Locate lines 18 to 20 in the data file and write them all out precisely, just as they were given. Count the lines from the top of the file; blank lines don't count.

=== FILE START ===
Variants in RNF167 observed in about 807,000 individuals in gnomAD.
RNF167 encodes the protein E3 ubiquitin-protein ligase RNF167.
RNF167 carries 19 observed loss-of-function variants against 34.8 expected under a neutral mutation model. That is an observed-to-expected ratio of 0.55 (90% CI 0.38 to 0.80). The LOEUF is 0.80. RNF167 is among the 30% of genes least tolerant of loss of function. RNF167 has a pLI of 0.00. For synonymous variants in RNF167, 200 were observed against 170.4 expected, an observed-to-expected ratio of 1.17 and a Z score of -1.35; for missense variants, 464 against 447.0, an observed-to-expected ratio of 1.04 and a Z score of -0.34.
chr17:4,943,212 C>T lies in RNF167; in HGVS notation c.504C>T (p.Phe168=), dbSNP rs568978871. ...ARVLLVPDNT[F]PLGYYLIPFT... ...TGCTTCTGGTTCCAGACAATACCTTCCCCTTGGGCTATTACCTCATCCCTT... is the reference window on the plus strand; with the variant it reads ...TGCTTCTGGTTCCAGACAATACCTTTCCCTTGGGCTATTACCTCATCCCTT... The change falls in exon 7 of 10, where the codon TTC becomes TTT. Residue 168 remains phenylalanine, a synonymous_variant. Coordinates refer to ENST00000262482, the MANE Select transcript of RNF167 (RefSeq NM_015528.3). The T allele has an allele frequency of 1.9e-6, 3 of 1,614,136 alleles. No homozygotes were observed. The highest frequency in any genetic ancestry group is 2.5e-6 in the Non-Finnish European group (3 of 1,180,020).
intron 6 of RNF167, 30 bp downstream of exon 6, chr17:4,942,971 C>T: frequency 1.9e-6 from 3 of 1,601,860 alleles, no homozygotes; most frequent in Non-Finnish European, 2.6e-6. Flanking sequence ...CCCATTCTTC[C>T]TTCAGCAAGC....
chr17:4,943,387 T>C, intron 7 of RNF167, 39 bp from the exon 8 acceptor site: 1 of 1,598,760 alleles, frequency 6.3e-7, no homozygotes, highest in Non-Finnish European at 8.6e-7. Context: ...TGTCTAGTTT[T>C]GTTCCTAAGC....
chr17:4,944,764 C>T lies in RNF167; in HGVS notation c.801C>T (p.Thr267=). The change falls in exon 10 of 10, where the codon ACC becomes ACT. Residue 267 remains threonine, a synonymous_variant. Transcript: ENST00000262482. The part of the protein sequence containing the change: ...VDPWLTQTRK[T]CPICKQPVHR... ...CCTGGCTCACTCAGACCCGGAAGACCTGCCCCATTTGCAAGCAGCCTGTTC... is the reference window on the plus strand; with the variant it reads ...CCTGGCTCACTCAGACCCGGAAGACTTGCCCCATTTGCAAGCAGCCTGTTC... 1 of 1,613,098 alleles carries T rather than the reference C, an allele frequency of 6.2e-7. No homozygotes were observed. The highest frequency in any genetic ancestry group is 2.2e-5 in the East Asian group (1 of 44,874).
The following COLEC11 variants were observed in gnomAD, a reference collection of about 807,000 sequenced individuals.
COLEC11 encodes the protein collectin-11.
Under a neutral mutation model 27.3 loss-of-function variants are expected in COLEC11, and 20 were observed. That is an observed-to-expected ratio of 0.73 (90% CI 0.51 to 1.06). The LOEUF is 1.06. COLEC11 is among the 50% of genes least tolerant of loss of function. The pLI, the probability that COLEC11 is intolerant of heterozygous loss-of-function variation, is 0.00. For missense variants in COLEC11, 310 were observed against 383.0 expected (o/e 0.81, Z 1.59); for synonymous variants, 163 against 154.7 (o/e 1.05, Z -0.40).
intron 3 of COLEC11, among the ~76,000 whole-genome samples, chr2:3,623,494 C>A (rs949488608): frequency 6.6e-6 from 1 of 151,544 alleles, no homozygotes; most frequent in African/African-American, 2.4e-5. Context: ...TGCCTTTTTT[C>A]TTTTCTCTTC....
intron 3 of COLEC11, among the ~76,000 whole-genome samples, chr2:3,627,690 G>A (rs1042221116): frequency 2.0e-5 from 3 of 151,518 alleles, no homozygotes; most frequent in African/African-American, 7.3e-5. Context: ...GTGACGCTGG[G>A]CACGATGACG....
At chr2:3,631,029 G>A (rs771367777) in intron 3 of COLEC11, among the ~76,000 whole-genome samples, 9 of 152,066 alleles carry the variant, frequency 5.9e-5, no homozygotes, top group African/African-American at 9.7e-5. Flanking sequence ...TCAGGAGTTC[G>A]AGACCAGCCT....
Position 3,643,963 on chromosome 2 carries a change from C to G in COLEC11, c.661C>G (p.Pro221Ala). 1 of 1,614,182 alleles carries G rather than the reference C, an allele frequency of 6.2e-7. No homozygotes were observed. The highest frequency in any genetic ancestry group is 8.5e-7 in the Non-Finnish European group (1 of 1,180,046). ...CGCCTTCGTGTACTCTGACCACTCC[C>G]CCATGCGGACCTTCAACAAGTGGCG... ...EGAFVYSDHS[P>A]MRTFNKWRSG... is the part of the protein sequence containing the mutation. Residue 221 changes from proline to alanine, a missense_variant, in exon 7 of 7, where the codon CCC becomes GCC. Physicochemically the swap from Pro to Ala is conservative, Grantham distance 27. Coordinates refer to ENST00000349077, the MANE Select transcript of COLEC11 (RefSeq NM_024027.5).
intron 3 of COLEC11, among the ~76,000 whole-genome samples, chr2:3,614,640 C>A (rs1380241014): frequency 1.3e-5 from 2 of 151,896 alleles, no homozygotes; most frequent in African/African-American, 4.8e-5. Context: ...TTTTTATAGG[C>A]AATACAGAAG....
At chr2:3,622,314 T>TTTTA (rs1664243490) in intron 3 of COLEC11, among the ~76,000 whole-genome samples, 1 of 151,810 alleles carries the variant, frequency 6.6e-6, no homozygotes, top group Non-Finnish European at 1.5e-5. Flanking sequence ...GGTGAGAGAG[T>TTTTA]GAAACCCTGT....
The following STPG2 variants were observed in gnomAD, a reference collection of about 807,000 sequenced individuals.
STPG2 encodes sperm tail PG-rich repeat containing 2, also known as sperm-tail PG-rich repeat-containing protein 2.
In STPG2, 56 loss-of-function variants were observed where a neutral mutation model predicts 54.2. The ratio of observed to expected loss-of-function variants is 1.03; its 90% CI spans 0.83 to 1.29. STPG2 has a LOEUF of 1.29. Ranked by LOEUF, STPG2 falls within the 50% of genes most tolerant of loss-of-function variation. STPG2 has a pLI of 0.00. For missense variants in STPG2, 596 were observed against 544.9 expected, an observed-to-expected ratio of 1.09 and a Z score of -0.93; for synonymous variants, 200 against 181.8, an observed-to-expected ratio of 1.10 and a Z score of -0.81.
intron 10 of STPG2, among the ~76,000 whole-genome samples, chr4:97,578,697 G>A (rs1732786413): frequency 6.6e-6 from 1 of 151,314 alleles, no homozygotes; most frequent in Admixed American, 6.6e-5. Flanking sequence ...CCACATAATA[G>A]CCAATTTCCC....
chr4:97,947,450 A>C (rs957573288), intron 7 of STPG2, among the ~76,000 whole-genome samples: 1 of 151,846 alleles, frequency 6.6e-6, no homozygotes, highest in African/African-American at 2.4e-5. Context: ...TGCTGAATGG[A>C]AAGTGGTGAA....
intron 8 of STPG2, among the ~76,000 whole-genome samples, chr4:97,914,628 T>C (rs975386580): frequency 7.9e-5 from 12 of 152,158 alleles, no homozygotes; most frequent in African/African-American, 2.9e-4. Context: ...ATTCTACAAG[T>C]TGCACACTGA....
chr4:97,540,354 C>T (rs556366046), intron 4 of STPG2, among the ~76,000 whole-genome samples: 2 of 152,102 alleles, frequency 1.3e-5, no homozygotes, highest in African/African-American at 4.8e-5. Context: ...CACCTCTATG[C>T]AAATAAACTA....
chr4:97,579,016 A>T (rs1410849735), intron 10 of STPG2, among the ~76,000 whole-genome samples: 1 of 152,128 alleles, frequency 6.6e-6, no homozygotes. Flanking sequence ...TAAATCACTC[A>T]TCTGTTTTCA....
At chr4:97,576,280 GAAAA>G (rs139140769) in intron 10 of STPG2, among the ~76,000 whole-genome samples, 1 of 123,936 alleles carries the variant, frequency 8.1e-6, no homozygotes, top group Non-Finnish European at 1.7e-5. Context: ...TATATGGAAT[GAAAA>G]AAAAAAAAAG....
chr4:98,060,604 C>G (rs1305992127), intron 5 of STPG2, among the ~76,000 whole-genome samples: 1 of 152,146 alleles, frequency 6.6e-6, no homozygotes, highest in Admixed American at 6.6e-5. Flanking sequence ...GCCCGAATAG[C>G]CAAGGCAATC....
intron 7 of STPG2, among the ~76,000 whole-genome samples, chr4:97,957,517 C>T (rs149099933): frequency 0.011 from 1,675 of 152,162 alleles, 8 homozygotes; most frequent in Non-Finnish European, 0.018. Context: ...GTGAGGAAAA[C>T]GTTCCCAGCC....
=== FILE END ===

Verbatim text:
STPG2 encodes sperm tail PG-rich repeat containing 2, also known as sperm-tail PG-rich repeat-containing protein 2.
In STPG2, 56 loss-of-function variants were observed where a neutral mutation model predicts 54.2. The ratio of observed to expected loss-of-function variants is 1.03; its 90% CI spans 0.83 to 1.29. STPG2 has a LOEUF of 1.29. Ranked by LOEUF, STPG2 falls within the 50% of genes most tolerant of loss-of-function variation. STPG2 has a pLI of 0.00. For missense variants in STPG2, 596 were observed against 544.9 expected, an observed-to-expected ratio of 1.09 and a Z score of -0.93; for synonymous variants, 200 against 181.8, an observed-to-expected ratio of 1.10 and a Z score of -0.81.
intron 10 of STPG2, among the ~76,000 whole-genome samples, chr4:97,578,697 G>A (rs1732786413): frequency 6.6e-6 from 1 of 151,314 alleles, no homozygotes; most frequent in Admixed American, 6.6e-5. Flanking sequence ...CCACATAATA[G>A]CCAATTTCCC....